Built on an auspicious literary foundation—Pulitzer Prize–winner Annie Proulx’s short story adapted into a Western-styled screenplay by Pulitzer Prize–winner Larry McMurtry and Diana Ossana—Brokeback Mountain follows two hired hands (Jake Gyllenhaal and Heath Ledger) whose summer tending sheep in isolated Wyoming foothills sparks a physical relationship that pervades the rest of their lives. Lee’s provocative examination of sexuality created a monumental challenge to social norms and became his most talked-about and decorated film, winning Venice’s Golden Lion, four Golden Globes, and three Oscars, including Director, Adapted Screenplay, and Original Score.

    Playing on December 30 in 35mm.

  • Pola X

    Pola X

    Ex–enfant terrible Leos Carax takes the ingredients of melodrama—family secrets, persecuted innocents, forbidden love, betrayal—and scrambles them into an audacious postmodern opera of artistic angst. Pierre (Guillaume Depardieu) is a leisure-class, “voice of his generation” writer who gets sucked into a through-the-looking-glass rabbit hole of underclass grime and incest when he encounters an Eastern European war refugee (Yekaterina Golubeva) claiming to be his long-lost sister. Like the novel that inspired it—Herman Melville’s controversial Pierre; or, The Ambiguities—this enigmatic, unrestrained film…

  • Beyond Oblivion

    Beyond Oblivion

    Two years before Vertigo, this fascinating, archly Gothic Argentine drama mined near-identical themes of erotic obsession and necrophilic desire via the story of a wealthy man (director Hugo del Carril) who, shattered by the death of his wife (Laura Hidalgo), retreats to Paris where he meets her exact look-alike in the form of a prostitute (Hidalgo, again) and proceeds to make her over in the dead woman’s image. Based on the classic Symbolist novel Bruges-la-Morte by Georges Rodenbach and directed…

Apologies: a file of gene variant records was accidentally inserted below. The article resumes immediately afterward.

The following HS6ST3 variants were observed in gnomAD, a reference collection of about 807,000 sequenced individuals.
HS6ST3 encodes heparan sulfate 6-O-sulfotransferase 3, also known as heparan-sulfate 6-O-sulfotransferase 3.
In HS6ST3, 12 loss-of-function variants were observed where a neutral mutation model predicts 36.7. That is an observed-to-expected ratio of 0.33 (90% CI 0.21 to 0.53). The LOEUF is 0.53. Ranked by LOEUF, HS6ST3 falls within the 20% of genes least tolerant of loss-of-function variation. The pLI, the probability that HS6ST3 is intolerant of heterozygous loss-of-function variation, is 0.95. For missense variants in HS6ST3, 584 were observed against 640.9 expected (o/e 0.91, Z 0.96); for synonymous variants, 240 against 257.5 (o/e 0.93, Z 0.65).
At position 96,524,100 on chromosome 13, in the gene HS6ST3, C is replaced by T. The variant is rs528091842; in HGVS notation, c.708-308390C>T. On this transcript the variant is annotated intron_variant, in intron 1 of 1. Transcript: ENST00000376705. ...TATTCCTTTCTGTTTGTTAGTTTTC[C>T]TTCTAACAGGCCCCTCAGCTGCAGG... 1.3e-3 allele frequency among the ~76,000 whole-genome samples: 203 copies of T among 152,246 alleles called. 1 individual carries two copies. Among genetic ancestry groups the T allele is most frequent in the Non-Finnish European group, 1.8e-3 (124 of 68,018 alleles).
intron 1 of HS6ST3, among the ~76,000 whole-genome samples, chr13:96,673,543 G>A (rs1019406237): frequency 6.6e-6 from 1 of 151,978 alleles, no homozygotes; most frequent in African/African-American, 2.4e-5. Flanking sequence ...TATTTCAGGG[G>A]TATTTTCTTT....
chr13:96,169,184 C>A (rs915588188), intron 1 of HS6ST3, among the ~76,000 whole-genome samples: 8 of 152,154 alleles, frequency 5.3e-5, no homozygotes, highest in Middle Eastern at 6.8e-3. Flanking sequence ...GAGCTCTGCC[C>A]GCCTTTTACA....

• The Kneeling Goddess

    The Kneeling Goddess

    This feverishly perverse saga of amor loco from unsung Mexican melodrama specialist Roberto Gavaldón unfolds in a dream space halfway between the obsessive necro-noir of Laura and the trance-state surrealism of Last Year at Marienbad. The iconic María Félix plays a sultry artist’s model who spurns the advances of a married aristocrat (Arturo de Córdova)—that is, until she suspects he has murdered his wife for her, leading her to suddenly develop the hots for him. Drenched in moody noir atmospherics,…

  • The Cloud-Capped Star

    The Cloud-Capped Star

    Considered by many Ghatak’s masterpiece, The Cloud-Capped Star is set in late-1950s Kolkata, just a few years after the partition that separated historic Bengal into the Pakistani East Bengal and the Indian West Bengal. Neeta (an extraordinary performance by leading Bengali actor Supriya Choudhury) is the eldest daughter in a family of refugees, as well as her family’s principal breadwinner. Yet, even as she becomes more visibly ill, her parents and siblings keep demanding more, squeezing the last bit of…

  • Secret Sunshine

    Secret Sunshine

    Lee Chang-dong’s stunning saga of grief and catharsis is built around a fearless central performance from Jeon Do-yeon (Best Actress, Cannes Film Festival)—one of the most wrenching and mesmerizing tour de forces since Gena Rowlands in A Woman Under the Influence. She plays socially awkward piano teacher who, with her young son, relocates from Seoul to her late husband’s hometown of Milyang for a fresh start. But another unthinkable tragedy soon sends her into an emotional tailspin and a desperate…

  • Spring in a Small Town

    Spring in a Small Town

    The oft-cited crowning achievement of classic Chinese cinema is a mesmerizing portrait of female desire and subjectivity that ranks alongside Brief Encounter and the works of Mikio Naruse. Married to a depressed, chronically ill man, housewife Yuwen (Wei Wei) is quietly suffocating in a provincial village when an old flame unexpectedly walks back into her life. So begins a wrenching internal struggle between marital fidelity and erotic yearning that plays out with supreme restraint on screen, but which boils over…